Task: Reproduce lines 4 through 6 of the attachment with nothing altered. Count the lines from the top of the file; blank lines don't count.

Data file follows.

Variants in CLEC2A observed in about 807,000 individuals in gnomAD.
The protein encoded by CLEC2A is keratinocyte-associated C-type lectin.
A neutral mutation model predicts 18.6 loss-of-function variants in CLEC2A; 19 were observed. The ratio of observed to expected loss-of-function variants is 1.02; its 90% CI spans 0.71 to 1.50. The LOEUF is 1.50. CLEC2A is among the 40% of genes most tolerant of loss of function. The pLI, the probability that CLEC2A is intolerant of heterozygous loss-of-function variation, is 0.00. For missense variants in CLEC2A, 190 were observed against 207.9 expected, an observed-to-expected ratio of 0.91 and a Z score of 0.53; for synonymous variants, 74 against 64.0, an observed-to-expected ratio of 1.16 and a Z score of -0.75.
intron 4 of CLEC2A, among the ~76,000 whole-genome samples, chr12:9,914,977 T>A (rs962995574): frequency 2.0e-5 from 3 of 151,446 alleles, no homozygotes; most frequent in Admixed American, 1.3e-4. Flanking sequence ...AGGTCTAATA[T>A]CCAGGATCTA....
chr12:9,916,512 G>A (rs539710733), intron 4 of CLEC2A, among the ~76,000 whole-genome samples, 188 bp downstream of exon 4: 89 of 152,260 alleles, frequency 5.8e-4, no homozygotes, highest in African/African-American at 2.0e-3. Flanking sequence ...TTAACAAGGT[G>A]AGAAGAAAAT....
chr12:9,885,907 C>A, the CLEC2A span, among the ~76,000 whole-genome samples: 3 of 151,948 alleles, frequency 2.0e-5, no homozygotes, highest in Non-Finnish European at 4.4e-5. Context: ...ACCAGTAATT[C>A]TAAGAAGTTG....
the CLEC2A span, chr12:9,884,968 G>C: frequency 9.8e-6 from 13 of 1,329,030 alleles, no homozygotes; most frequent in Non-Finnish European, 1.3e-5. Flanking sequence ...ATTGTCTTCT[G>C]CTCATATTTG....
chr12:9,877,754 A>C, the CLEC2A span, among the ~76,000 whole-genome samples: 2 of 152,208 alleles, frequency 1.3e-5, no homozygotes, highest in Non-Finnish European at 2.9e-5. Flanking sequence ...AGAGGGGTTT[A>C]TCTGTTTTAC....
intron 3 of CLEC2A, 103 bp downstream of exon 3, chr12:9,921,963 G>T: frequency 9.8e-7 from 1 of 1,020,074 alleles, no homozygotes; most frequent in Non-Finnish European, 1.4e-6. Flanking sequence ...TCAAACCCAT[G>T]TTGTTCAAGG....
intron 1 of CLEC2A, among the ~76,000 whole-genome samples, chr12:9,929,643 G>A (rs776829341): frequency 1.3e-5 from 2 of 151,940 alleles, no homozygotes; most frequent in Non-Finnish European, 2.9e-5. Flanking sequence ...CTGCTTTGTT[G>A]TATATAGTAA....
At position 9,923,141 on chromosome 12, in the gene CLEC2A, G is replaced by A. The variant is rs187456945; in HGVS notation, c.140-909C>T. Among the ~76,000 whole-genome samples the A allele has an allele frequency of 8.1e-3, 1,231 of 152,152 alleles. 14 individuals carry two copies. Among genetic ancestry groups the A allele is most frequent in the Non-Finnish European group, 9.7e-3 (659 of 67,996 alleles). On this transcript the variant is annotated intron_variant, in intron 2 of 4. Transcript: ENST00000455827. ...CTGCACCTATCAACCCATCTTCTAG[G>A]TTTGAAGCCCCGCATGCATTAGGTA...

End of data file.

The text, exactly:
intron 4 of CLEC2A, among the ~76,000 whole-genome samples, chr12:9,914,977 T>A (rs962995574): frequency 2.0e-5 from 3 of 151,446 alleles, no homozygotes; most frequent in Admixed American, 1.3e-4. Flanking sequence ...AGGTCTAATA[T>A]CCAGGATCTA....
chr12:9,916,512 G>A (rs539710733), intron 4 of CLEC2A, among the ~76,000 whole-genome samples, 188 bp downstream of exon 4: 89 of 152,260 alleles, frequency 5.8e-4, no homozygotes, highest in African/African-American at 2.0e-3. Flanking sequence ...TTAACAAGGT[G>A]AGAAGAAAAT....
chr12:9,885,907 C>A, the CLEC2A span, among the ~76,000 whole-genome samples: 3 of 151,948 alleles, frequency 2.0e-5, no homozygotes, highest in Non-Finnish European at 4.4e-5. Context: ...ACCAGTAATT[C>A]TAAGAAGTTG....